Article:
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Monday, 20 December 1993
Page: 5341

Senator GARETH EVANS (Minister for Foreign Affairs) (11.14 p.m.) —Let me get clear what Senator Minchin is asking. The particular scenario he is painting is that native title equivalent holders who own pastoral leases may choose to sell their leases, for whatever reason, and Senator Minchin wants to know what the status of the native title claim would be thereafter. It would be an unlikely circumstance in which it would be sold; I think we have to make that the working assumption. It is not that there is a legal inhibition on them doing so. It is highly unlikely that people who have struggled through this process to get both the land and the recognition of title would give it away. But that may be so.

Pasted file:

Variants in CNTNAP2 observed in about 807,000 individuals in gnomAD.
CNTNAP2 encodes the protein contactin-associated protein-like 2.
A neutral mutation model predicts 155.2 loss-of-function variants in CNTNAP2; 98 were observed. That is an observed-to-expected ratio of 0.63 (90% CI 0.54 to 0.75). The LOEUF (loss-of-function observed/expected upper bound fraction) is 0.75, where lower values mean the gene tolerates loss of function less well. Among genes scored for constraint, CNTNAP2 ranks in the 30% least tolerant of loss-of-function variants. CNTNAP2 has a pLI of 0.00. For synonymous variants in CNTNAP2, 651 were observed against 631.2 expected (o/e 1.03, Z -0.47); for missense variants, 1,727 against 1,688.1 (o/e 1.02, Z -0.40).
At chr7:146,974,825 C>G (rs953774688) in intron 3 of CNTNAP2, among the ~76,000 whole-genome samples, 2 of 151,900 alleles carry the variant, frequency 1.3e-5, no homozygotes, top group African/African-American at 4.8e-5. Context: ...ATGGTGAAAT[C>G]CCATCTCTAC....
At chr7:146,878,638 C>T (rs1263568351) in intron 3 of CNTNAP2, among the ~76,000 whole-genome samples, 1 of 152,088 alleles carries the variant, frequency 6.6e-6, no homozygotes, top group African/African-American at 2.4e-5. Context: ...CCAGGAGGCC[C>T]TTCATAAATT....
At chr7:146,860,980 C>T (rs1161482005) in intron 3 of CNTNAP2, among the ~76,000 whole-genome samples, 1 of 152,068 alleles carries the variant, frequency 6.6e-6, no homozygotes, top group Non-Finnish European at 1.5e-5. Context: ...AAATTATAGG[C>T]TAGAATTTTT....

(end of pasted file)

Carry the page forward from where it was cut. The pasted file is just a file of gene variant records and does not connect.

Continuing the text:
Under those circumstances, the leasehold interest would be enjoyed on its own terms by the new lessee. Obviously the new lessee would not be acquiring anything in the nature of native title. If that person was not an Aboriginal entitled to make that claim, the native title equivalent would still continue to notionally exist and be capable of reapplication in the event that, at some future time, the pastoral lease was reacquired by the native title equivalent holders.

  In the meantime, their status as native title equivalent holders would not give them any particular right to any authority. They would be able to reacquire it, but also, I am reminded, when the lease actually expired they would, in those circumstances, be regarded as having the reversionary interest in the lease—rather than the crown taking the reversionary interest, as would be the usual case. That is the extra advantage—about the only extra advantage—that is conferred upon native title equivalent holders in this sort of situation.